Low-code development platform

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A low-code development platform (LCDP) provides a development environment used to create application software through a graphical user interface instead of traditional hand-coded computer programming. A low-coded platform may produce entirely operational applications, or require additional coding for specific situations. Low-code development platforms reduce the amount of traditional hand coding, enabling accelerated delivery of business applications. A common benefit is that a wider range of people can contribute to the application's development—not only those with coding skills. LCDPs can also lower the initial cost of setup, training, deployment and maintenance.[1]

Low-code development platforms trace their roots back to fourth-generation programming language and the rapid application development tools of the 1990s and early 2000s. Similar to these predecessor development environments, LCDPs are based on the principles of model-driven design, automatic code generation, and visual programming.[2] The concept of end-user development also existed previously, although LCDPs brought some new ways of approaching this development. The low-code development platform market traces its origins back to 2011.[3] The specific name "low-code" was not put forward until 9 June, 2014,[1] when it was used by the industry analyst Forrester Research. Along with no-code development platforms, low-code was described as "extraordinarily disruptive" in Forbes magazine in 2017.[4]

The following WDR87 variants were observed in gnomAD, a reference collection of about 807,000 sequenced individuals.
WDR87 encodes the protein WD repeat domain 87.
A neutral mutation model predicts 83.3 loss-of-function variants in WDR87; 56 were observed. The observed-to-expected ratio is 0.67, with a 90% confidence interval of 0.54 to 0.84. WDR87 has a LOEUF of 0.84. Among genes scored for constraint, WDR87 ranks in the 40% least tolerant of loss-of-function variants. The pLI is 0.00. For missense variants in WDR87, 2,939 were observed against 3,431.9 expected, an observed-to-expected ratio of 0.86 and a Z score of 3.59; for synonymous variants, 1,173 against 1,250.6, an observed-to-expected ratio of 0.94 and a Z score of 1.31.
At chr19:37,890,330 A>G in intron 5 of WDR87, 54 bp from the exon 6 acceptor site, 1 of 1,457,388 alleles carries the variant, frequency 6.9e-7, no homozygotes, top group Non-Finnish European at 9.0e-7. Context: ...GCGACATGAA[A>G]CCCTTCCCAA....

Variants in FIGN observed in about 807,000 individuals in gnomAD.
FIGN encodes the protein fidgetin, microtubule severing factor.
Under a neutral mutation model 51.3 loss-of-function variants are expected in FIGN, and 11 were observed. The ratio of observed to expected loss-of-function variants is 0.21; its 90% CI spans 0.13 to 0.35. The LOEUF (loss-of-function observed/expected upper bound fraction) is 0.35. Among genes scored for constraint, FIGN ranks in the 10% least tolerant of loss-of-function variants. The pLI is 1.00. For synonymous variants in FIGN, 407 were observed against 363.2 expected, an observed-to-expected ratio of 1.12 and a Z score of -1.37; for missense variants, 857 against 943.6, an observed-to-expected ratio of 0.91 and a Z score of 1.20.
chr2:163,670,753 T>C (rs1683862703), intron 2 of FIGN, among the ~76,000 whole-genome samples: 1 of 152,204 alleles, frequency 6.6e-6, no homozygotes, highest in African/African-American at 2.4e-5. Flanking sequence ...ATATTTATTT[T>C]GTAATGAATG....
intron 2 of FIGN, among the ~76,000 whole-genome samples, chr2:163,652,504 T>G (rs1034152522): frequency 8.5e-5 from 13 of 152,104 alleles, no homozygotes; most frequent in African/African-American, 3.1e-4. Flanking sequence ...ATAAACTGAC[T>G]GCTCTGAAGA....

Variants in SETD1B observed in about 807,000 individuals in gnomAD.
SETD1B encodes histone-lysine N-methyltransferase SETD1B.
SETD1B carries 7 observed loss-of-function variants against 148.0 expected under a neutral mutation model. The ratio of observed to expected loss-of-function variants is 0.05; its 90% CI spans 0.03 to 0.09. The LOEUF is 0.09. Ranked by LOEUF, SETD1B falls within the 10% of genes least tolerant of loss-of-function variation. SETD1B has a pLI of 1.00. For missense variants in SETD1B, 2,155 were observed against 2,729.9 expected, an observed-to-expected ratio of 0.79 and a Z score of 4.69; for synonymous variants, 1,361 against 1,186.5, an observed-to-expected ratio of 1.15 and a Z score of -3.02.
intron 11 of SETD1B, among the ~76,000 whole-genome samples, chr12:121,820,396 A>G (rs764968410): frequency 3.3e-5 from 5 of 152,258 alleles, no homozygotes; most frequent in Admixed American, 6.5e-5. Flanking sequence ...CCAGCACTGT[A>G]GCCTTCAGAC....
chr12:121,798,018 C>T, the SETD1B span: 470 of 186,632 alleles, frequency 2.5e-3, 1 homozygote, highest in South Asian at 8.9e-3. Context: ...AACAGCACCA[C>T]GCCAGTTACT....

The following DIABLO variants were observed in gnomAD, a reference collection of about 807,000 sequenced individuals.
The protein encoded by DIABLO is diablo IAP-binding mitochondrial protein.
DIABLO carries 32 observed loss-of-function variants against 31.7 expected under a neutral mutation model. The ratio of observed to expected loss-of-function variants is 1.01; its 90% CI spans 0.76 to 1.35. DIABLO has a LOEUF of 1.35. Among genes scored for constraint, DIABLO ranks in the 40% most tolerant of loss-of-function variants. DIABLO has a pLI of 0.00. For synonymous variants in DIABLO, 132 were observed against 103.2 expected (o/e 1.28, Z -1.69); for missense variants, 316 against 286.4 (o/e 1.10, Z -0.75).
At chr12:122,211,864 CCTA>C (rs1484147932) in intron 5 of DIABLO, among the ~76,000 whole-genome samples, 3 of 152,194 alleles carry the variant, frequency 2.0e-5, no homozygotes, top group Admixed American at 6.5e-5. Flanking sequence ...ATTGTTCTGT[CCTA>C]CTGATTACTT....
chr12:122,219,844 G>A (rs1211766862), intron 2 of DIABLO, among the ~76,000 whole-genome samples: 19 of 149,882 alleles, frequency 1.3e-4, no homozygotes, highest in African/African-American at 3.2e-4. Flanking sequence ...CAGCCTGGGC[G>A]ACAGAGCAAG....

Use[edit]

As a result of the micro computer revolution, businesses have deployed computers widely across their employee bases, enabling widespread automation of business processes using software. The need for software automation and new applications for business processes places demands on software developers to create custom applications in volume, tailoring them to organizations' unique needs.[5] Low-code development platforms have been developed as a means to allow for quick creation and use of working applications that can address the specific process- and data needs of the organization.[6]

Reception[edit]

Research firm Forrester estimated in 2016 that the total market for low-code development platforms would grow to $15.5 billion by 2020.[7] Segments in the market include database, request handling, mobile, process and general purpose low-code platforms.[8]

Low-code development's market growth can be attributed to its flexibility and ease.[9] Low-code development platforms are shifting focus towards general purpose of applications, with the ability to add in custom code when needed or desired.[3]

Mobile accessibility is one of the driving factors of using low-code development platforms.[5] Instead of developers having to spend time creating multi-device software, Low-code packages typically come with that feature standard.[5]

Because they require less coding knowledge, nearly anyone in a software development environment can learn to use a low-code development platform. Features like drag and drop interfaces help users visualize and build the application[7]